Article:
Oak Park police chief tells students to make good choices
By BILL DWYER | firstname.lastname@example.org February 16, 2013 10:26PM
Oak Park Chief of Police Rick C. Tanksley speaks to about 25 people about making good decisions and interacting with police. | Ray Whitehouse~for Sun-Times Media
Updated: March 22, 2013 6:32AM
OAK PARK — Police Chief Rick Tanksley looks every bit the veteran cop he is — tall and fit, relaxed but commanding.
However, when he met recently with a group of students, he showed a more vulnerable side.
Asked by APPLE, a local parents’ group, to speak on the topic of “Kids making proper choices,” Tanksley shared his past as an example of what to do and not do.
The three students at the Feb. 12 meeting were outnumbered by the half-dozen D200 board members and board candidates, along with several mothers and a few OPRF faculty.
“I was expecting a few more kids,” Tanksley noted as he looked about the room.
The ones who did show up heard him talk about his own bad decision-making many years ago, and of the woman who intervened.
Growing up in a rowhouse at 13th Street and Racine Avenue on Chicago’s near west side, Tanksley was headed for a life of trouble. In fourth grade, he recalled, “I started acting like a fool,” he said. “I was bad.”
By the summer before sixth grade, “I was fighting all the time.”
His mom put her foot down. To paraphrase Robert Frost, two roads diverged in his neighborhood, and there his mom stood, hands on her hips, blocking one road while pointing sternly to the other.
Mrs. Tanksley pulled young Rickie and his brother from public school and enrolled him in a private school.
Things changed at home, too.
“My room was subject to unannounced searches,” Tanksley recalled. “That’s what you give up when you act up.”
Around that same time, Tanklsey recalled, he noticed his report card, with grades on one side and “problem behaviors” on the other side. He said prior to going to a private school, he had low grades and lots of problem behaviors.
“I saw report cards from kids who were getting good grades, and they had no checks on the behavior side,” he said. “And I realized the correlation.”
Mom’s message sunk in.
“Sometimes people need a wake-up call. I listened to that wake-up call, because I was afraid of what the consequences would be.”
Instead of multiple arrests and diminished job opportunities, Tanklsey attended Concordia College in River Forest and joined the Oak Park Police Department.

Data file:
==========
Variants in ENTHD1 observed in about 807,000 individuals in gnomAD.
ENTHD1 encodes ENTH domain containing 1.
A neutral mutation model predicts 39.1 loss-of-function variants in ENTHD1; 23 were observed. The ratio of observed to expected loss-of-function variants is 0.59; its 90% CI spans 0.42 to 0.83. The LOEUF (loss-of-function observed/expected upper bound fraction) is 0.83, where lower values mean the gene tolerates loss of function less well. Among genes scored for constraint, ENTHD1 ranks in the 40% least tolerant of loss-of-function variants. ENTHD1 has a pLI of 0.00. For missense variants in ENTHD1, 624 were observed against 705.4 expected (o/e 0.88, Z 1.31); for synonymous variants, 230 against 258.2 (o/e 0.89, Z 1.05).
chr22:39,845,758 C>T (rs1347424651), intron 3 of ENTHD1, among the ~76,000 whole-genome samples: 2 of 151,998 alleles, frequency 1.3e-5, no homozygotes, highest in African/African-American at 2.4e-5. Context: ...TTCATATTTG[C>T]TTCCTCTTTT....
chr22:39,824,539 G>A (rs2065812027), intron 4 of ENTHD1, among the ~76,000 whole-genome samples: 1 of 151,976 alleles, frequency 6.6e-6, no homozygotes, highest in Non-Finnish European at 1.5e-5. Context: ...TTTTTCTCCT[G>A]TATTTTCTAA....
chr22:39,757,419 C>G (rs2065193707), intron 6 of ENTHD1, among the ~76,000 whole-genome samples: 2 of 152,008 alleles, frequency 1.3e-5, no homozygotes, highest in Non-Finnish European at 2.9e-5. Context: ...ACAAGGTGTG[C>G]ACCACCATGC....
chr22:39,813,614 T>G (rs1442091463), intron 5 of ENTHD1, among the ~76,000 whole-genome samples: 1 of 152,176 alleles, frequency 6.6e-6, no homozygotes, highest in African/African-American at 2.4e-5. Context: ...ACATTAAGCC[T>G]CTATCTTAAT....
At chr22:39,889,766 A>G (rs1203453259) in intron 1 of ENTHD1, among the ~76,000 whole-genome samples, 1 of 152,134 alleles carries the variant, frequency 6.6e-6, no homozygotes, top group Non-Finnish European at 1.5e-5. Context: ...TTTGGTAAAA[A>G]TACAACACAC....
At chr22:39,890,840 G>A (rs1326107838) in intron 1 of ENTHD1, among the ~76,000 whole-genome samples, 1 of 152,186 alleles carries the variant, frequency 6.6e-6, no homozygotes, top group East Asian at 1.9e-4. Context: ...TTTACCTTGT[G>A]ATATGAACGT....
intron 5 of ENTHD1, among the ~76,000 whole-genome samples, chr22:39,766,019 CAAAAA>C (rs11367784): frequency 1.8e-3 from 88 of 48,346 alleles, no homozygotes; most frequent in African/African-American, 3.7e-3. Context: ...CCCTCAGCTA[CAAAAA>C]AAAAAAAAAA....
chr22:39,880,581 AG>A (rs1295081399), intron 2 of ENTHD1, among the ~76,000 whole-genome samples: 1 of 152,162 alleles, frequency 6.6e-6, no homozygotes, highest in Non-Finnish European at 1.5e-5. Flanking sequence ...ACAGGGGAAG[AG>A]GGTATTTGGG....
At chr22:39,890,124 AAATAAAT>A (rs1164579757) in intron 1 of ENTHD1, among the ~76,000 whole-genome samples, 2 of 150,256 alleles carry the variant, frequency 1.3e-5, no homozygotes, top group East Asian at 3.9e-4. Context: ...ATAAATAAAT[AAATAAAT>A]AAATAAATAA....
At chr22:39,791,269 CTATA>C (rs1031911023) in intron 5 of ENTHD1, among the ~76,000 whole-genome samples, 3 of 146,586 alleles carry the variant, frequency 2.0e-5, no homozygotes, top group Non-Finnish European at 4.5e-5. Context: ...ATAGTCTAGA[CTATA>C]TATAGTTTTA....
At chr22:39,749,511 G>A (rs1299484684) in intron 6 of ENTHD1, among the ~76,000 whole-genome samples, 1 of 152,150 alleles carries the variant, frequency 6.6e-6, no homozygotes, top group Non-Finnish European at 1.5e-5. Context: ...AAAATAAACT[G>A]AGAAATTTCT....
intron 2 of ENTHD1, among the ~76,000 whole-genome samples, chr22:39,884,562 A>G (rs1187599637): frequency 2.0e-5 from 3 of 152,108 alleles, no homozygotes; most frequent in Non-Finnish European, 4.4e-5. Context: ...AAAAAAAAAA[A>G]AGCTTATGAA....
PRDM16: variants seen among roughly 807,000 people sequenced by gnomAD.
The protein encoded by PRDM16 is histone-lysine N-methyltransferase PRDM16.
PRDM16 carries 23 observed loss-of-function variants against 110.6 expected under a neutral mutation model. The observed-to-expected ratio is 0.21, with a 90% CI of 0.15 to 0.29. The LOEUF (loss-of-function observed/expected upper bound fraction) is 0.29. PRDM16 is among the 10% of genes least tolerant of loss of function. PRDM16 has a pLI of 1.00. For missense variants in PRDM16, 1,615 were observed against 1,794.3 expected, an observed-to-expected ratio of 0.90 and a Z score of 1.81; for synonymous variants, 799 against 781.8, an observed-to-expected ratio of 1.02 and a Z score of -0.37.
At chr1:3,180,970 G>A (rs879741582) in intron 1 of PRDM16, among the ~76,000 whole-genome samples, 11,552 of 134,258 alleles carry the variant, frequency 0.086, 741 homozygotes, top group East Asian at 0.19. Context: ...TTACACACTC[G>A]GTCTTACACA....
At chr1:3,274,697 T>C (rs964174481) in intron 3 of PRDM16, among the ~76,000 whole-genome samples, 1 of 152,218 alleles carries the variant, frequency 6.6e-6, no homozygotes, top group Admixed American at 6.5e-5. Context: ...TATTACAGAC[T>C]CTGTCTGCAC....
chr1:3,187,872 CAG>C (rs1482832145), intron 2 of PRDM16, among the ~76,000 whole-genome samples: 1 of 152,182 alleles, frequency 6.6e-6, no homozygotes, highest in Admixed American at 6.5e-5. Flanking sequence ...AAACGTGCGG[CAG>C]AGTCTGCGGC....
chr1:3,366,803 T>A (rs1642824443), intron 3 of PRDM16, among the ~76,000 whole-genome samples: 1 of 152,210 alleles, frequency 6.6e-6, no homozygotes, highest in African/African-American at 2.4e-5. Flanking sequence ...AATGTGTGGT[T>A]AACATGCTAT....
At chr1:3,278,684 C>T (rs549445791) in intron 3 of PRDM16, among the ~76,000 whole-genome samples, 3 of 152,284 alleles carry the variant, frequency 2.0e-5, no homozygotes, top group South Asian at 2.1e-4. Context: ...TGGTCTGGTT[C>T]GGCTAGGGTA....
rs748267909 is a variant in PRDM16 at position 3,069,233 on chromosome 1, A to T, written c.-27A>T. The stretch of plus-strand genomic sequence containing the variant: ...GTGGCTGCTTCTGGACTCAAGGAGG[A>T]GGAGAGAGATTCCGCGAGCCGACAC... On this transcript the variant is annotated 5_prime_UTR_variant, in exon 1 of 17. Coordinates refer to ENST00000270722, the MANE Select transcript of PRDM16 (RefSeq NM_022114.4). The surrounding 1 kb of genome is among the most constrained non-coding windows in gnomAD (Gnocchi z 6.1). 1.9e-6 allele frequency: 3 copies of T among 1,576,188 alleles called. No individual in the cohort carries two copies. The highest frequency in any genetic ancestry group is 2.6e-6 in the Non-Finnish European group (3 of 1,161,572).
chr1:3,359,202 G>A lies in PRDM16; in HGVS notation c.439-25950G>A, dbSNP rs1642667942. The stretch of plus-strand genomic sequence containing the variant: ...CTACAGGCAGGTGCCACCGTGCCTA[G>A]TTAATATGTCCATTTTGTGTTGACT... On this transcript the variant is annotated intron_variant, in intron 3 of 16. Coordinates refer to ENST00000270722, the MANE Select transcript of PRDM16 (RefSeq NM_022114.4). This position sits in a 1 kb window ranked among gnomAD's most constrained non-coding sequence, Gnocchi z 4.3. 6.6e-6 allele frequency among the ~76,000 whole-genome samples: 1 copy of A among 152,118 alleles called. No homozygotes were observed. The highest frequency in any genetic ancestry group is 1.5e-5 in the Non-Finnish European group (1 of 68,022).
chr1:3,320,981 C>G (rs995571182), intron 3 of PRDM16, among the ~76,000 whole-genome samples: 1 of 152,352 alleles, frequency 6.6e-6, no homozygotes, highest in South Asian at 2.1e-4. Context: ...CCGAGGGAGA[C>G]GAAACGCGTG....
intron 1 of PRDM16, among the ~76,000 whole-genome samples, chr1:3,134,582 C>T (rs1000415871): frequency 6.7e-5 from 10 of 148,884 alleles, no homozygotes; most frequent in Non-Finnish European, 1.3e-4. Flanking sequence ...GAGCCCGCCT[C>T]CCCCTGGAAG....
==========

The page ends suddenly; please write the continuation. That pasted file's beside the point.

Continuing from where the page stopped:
“This dream can be anybody’s dream,” Tanksley said of making it to the top of your profession. “But it starts with making the right decisions.”
A big part of the problem for many kids, Tanksley said, is peer pressure. Young people looking to fit in do things in a crowd they wouldn’t have done on their own.
Tanksley said what troubles him most about dealing with teenagers is their apparent lack of awareness of how their behavior can have serious consequences later on in their life.
“People make decisions everyday. And those can lead you down a certain path,” he said. “When you reach a certain age, it’s very, very difficult to get that record removed.”
Young people also need to know how to interact with law enforcement.
Tanksley said if teenagers want to understand how to avoid problems with police, they need only look at the expectations the police department has for its own officers.
Tanksley said his officers are under orders to “Treat people with respect, follow the law and be professional in everything you do.”
He urged young people to have that same attitude.
“You want to get along with the police? Extend the same courtesy,” he said. He stressed that doesn’t mean giving up rights.
“Don’t hesitate to ask an officer why you were stopped,” he said. “I have a rule for my cops that you will tell (people) why you’re stopping them.”
Interacting appropriately with police is just one of many decision young people must make. Ultimately, Tanksley said, each of those decisions are theirs alone once they step out their front door.
“The moment you leave your house, you’ve got all sorts of influences,” he noted. Think of the future, he told them.
“There’s a power to making the right decision,” he said. “You have that power within your hands.”